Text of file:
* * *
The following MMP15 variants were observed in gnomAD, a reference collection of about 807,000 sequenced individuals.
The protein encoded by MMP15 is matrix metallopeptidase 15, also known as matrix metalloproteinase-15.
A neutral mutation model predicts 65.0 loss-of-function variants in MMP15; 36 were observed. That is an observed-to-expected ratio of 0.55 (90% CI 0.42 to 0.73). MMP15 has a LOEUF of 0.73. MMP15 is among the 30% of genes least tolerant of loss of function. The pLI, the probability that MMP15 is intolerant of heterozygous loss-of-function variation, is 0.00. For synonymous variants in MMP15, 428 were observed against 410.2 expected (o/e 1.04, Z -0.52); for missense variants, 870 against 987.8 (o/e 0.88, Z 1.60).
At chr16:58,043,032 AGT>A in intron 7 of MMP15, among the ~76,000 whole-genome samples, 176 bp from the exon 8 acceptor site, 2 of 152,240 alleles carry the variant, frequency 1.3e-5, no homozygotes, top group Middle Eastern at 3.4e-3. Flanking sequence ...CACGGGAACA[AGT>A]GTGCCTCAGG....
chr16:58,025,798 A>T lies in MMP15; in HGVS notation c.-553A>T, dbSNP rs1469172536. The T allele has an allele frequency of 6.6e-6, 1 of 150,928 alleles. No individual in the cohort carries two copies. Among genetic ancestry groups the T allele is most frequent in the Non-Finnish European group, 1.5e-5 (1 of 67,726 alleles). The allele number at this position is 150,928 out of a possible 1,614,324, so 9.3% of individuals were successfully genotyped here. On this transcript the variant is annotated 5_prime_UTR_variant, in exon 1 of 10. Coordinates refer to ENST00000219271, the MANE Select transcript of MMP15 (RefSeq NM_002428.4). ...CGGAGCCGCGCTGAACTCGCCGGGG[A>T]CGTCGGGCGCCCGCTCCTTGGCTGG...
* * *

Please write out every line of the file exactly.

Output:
The following MMP15 variants were observed in gnomAD, a reference collection of about 807,000 sequenced individuals.
The protein encoded by MMP15 is matrix metallopeptidase 15, also known as matrix metalloproteinase-15.
A neutral mutation model predicts 65.0 loss-of-function variants in MMP15; 36 were observed. That is an observed-to-expected ratio of 0.55 (90% CI 0.42 to 0.73). MMP15 has a LOEUF of 0.73. MMP15 is among the 30% of genes least tolerant of loss of function. The pLI, the probability that MMP15 is intolerant of heterozygous loss-of-function variation, is 0.00. For synonymous variants in MMP15, 428 were observed against 410.2 expected (o/e 1.04, Z -0.52); for missense variants, 870 against 987.8 (o/e 0.88, Z 1.60).
At chr16:58,043,032 AGT>A in intron 7 of MMP15, among the ~76,000 whole-genome samples, 176 bp from the exon 8 acceptor site, 2 of 152,240 alleles carry the variant, frequency 1.3e-5, no homozygotes, top group Middle Eastern at 3.4e-3. Flanking sequence ...CACGGGAACA[AGT>A]GTGCCTCAGG....
chr16:58,025,798 A>T lies in MMP15; in HGVS notation c.-553A>T, dbSNP rs1469172536. The T allele has an allele frequency of 6.6e-6, 1 of 150,928 alleles. No individual in the cohort carries two copies. Among genetic ancestry groups the T allele is most frequent in the Non-Finnish European group, 1.5e-5 (1 of 67,726 alleles). The allele number at this position is 150,928 out of a possible 1,614,324, so 9.3% of individuals were successfully genotyped here. On this transcript the variant is annotated 5_prime_UTR_variant, in exon 1 of 10. Coordinates refer to ENST00000219271, the MANE Select transcript of MMP15 (RefSeq NM_002428.4). ...CGGAGCCGCGCTGAACTCGCCGGGG[A>T]CGTCGGGCGCCCGCTCCTTGGCTGG...